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Logistics Distribution & Warehousing 2006: Green Building: A New Priority

Environmentally friendly warehouse design is increasingly necessary to satisfy both government agencies and customers.

Logistics Distribution Warehousing 2006
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The Next Level
Techniques and technologies like those listed above are both meaningful and practical; they afford real benefits to the environment without imposing a giant up-front economic burden on warehouse developers. Over the long term, however, regulators and customers can be expected to raise the bar on builders, pushing for higher environmental performance from their facilities. In order to move forward, the industry will need to overcome one of the largest handicaps it faces in this area today: a dearth of hard data that quantifies the costs and benefits of individual environmental building features.

For instance, is putting photovoltaic cells on the roof of a distribution center a meaningful and cost-effective way to reduce carbon emissions from the building over the long term? Or would it be better to have on-site shower facilities that enable people to bike to work conveniently? Today, one would be hard-pressed to answer those questions definitively. The industry needs to develop a standard, metrics-based approach that enables an apples-to-apples comparison of sustainable technologies in a scientific manner.

As an example, ProLogis will develop a 64-acre industrial park in the midlands region of the United Kingdom that will serve as a "test bed" for state-of-the-art environmental technologies. The land for the park is the site of a former coal mine that also served for years as an unlicensed tire dump. Following a government-sponsored cleanup, construction will include more than 600,000 square feet of space designated for both industrial distribution and use by small and medium-sized businesses.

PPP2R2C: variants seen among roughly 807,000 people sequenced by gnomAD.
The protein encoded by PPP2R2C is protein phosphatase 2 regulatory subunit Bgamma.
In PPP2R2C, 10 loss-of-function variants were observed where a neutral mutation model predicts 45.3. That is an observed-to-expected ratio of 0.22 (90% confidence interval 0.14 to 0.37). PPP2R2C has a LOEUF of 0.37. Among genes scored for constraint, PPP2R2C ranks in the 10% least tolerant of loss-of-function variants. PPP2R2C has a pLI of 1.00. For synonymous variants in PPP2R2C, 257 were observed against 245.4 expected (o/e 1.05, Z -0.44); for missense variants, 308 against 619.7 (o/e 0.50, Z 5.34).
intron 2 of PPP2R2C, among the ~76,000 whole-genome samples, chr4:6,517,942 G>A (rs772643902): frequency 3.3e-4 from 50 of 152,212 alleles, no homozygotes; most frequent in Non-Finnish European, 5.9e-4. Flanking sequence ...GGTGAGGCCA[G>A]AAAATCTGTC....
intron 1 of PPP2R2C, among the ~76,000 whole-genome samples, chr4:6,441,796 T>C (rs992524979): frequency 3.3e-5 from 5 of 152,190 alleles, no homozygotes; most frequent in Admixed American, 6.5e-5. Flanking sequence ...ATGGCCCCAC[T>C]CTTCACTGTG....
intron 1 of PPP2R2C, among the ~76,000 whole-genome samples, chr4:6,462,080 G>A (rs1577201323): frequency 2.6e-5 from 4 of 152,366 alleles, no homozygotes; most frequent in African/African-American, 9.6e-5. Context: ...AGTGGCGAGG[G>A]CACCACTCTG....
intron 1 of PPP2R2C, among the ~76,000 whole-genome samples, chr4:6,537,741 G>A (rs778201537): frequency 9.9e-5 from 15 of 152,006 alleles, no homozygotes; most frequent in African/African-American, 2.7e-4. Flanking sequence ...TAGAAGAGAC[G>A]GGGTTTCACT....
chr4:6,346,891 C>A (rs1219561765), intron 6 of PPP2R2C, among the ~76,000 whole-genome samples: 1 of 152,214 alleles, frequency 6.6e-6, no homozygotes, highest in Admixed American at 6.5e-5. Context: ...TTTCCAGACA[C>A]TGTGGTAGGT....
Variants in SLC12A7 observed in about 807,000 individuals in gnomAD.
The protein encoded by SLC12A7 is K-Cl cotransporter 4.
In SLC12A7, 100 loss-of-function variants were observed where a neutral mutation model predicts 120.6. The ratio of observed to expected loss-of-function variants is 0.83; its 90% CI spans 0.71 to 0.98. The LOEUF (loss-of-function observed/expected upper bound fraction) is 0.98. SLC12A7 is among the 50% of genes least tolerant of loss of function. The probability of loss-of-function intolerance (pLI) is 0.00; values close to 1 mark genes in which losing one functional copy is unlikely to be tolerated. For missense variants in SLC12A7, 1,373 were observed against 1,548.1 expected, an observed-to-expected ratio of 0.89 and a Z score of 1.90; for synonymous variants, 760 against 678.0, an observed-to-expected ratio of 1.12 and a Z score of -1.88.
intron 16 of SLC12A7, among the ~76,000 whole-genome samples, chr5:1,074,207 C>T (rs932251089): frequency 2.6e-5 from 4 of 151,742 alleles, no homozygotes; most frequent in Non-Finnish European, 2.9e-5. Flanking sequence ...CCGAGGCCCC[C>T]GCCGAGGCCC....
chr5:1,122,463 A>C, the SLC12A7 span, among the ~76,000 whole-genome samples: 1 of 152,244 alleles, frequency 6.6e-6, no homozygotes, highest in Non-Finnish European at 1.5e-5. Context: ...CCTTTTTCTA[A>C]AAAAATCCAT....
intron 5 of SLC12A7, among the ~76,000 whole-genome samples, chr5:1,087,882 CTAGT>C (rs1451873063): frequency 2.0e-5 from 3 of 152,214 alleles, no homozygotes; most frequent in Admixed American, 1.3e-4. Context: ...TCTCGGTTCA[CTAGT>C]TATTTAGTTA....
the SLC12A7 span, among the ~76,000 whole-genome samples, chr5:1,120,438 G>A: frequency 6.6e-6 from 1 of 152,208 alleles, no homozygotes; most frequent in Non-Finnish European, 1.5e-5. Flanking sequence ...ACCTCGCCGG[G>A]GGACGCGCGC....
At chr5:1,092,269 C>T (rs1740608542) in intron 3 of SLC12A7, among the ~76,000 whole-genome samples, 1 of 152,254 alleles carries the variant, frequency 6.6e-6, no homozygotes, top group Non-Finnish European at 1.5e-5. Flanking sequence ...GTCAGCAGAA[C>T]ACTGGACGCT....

Plans for the site include a wide array of sustainable technologies and design features:
• There will be improvements focused on the energy performance of the facilities, such as exterior building fabrics that decrease air leakage and loss of energy, and enhanced skylights that boost natural lighting and lower consumption of electrical power.
• The project will include renewable energy systems, such as roof-mounted solar panels, heat-absorbent solar walls, and solar thermal hot water systems. In addition, the feasibility of wind turbines on the site will be investigated.
• The development plan will be designed to create an optimal working environment for employees that integrates into the fabric of the local community. A plan will be developed for a comprehensive transit system that includes convenient links to mass transportation, cycle paths, and pedestrian walkways. Shower facilities will be included to encourage cycling to work, as will a free electric shuttle to key nearby locations and an Internet-based carpooling program. Landscaping onsite will be designed to offset the development's carbon dioxide emissions, and irrigation systems will rely on both gray water and recycled rainwater.

Third-party engineering consultants will monitor and analyze the costs and benefits of the various features at the park, both during construction and over the long-term life of the project. ProLogis intends to make its findings public, so they can be used to enhance future decision-making about sustainable development by private builders, occupiers, and those who craft public policy.

In the end, of course, no industrial development can be truly called sustainable unless it remains economically viable and continues to deliver a strong return to investors. That idea is sometimes lost in the debates and discussions that take place about sustainability today. But better information and a scientific approach should enable our industry to focus on those techniques and technologies that deliver the highest impact at the lowest cost, improving the world we live in without undermining business performance and the bottom line.

Jack Rizzo is managing director of global development for ProLogis, a real estate investment trust based in Denver, Colorado. The company has more than 400 million square feet of industrial space owned, managed or under development in 81 markets across North America, Europe, and Asia.

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